There's A Scary Thing You Should Know Before Eating Parmesan Cheese
Apparently, there's a chance the Parmesan cheese you've been eating might actually contain wood.
According to Bloomberg, the US Food and Drug Administration released a report stating cheeses labeled 100 percent Parmesan cheese often contain cellulose, an anti-clumping agent made from wood pulp, and sometimes cheddar cheese, which is cheaper than Parmesan.
Pennsylvania-based Castle Cheese Inc. was found to have produced so-called Parmesan cheese that contained little to no actual Parmesan for nearly 30 years.
Reportedly, inside the cheese containers were mixtures of swiss, mozzarella, white cheddar and cellulose.
Neal Schuman, who runs the largest supplier of hard Italian cheeses in the country, told Bloomberg an estimated 20 percent of cheese produced in the US is falsely labeled.
Castle Cheese products were previously sold at Target and supplied to Associated Wholesale Grocers, Inc., which distributes groceries to 3,400 retail stores in 30 states.
Later this month, the president of Castle Cheese will reportedly plead guilty to charges that could result in up to a year in jail and a $100,000 fine.
Cellulose is apparently not harmful as long as it makes up no more than 4 percent of the product.
Bloomberg, however, conducted experiments that found 8.8 percent cellulose in Jewel-Osco's Essential Everyday 100% Grated Parmesan Cheese, 7.8 percent in Walmart's Great Value 100% Parmesan Grated Cheese and 3.8 percent in unspecified Kraft products.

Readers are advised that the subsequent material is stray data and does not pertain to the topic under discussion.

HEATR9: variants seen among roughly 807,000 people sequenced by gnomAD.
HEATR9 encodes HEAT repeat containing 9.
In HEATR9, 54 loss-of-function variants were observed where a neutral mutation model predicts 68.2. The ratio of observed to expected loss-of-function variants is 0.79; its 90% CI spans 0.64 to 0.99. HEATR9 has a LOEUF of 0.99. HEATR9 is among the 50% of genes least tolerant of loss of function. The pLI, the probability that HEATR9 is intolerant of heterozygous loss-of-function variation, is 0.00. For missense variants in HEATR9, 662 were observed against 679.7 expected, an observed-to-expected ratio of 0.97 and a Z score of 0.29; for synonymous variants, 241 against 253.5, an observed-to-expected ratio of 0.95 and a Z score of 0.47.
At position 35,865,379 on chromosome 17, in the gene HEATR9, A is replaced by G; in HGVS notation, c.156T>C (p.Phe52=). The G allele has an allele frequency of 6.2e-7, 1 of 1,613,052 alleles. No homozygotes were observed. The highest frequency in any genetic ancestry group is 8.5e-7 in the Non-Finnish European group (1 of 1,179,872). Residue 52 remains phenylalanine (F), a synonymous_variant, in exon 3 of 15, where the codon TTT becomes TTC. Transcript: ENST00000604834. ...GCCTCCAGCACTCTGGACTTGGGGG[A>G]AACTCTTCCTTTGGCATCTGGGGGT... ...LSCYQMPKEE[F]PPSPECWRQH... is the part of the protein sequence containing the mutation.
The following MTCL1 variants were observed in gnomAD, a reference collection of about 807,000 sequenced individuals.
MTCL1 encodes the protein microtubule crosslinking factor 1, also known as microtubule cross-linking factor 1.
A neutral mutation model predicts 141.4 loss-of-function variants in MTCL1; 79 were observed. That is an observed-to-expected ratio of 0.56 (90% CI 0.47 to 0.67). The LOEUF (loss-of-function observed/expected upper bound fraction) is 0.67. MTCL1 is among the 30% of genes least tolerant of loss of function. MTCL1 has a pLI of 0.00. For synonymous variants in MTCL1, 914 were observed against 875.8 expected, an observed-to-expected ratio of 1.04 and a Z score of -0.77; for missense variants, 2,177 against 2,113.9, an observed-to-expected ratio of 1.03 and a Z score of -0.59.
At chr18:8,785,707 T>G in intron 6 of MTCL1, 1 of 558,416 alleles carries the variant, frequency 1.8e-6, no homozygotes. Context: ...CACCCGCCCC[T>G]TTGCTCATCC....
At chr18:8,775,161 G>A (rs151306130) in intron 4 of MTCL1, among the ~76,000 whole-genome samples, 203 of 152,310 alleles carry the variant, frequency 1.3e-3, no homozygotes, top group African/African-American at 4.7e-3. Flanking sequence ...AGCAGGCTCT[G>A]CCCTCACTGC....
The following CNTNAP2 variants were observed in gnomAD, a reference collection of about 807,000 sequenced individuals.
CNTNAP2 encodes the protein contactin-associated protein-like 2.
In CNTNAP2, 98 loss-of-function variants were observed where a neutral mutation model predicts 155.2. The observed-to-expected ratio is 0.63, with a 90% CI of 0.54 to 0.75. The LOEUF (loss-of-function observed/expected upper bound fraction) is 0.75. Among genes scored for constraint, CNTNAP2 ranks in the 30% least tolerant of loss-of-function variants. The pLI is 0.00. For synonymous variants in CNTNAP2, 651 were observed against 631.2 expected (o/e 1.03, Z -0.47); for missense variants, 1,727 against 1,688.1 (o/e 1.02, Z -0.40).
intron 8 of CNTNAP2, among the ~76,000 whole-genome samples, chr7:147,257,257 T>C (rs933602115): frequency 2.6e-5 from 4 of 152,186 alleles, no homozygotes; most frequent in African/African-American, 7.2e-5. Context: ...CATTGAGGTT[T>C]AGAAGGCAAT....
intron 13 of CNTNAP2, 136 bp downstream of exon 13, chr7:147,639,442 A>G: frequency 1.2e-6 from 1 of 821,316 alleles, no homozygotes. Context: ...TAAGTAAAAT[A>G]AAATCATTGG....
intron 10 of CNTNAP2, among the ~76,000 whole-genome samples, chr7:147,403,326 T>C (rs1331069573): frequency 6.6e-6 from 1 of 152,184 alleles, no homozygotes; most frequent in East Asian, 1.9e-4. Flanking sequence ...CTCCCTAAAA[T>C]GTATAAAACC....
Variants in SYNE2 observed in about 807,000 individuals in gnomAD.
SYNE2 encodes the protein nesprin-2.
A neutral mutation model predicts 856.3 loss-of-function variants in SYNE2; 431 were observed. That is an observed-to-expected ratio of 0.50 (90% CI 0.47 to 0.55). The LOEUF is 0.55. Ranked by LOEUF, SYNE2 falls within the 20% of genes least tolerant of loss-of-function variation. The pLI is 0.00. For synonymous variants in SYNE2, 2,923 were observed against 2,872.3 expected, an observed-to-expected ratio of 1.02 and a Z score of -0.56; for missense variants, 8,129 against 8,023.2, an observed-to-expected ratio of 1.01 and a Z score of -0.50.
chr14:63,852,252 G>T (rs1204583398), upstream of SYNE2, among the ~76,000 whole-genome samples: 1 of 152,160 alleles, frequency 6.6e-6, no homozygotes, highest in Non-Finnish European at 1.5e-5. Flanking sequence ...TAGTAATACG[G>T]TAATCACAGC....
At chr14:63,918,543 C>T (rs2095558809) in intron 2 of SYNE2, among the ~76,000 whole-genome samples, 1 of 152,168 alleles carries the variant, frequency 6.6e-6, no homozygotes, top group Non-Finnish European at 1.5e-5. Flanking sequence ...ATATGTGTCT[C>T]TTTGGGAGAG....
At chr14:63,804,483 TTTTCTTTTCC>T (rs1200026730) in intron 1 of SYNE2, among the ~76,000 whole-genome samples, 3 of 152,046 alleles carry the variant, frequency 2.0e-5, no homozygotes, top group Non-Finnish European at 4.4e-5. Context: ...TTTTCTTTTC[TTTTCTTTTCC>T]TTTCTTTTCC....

Walmart spokesman John Forrest Ales told Bloomberg a "compliance team is looking into these findings," while Jewel-Osco spokeswoman Mary Frances Trucco said the company was also investigating the results of the experiment.
One can probably guess why companies don't use 100 percent real Parmesan cheese: money.
Marty Wilson, CEO of major Parmesan cheese supplier Sugar Foods, said he's lost contracts to competitors who sell fake cheese for cheaper costs.
Bob Greco of Cheese Merchants of America said using fake cheese allowed competitors to underbid him by up to 30 percent.
Parmesan cheese is also more likely to contain fillers than other cheeses because Parmesan wheels lose more moisture than other cheeses while they're being cured, which leads to a decrease in total volume.
One hundred pounds of milk might yield 10 pounds of cheddar and only 8 pounds of Parmesan.
This difference may seem minute, but it could actually deprive manufacturers of millions of dollars, according to Bloomberg.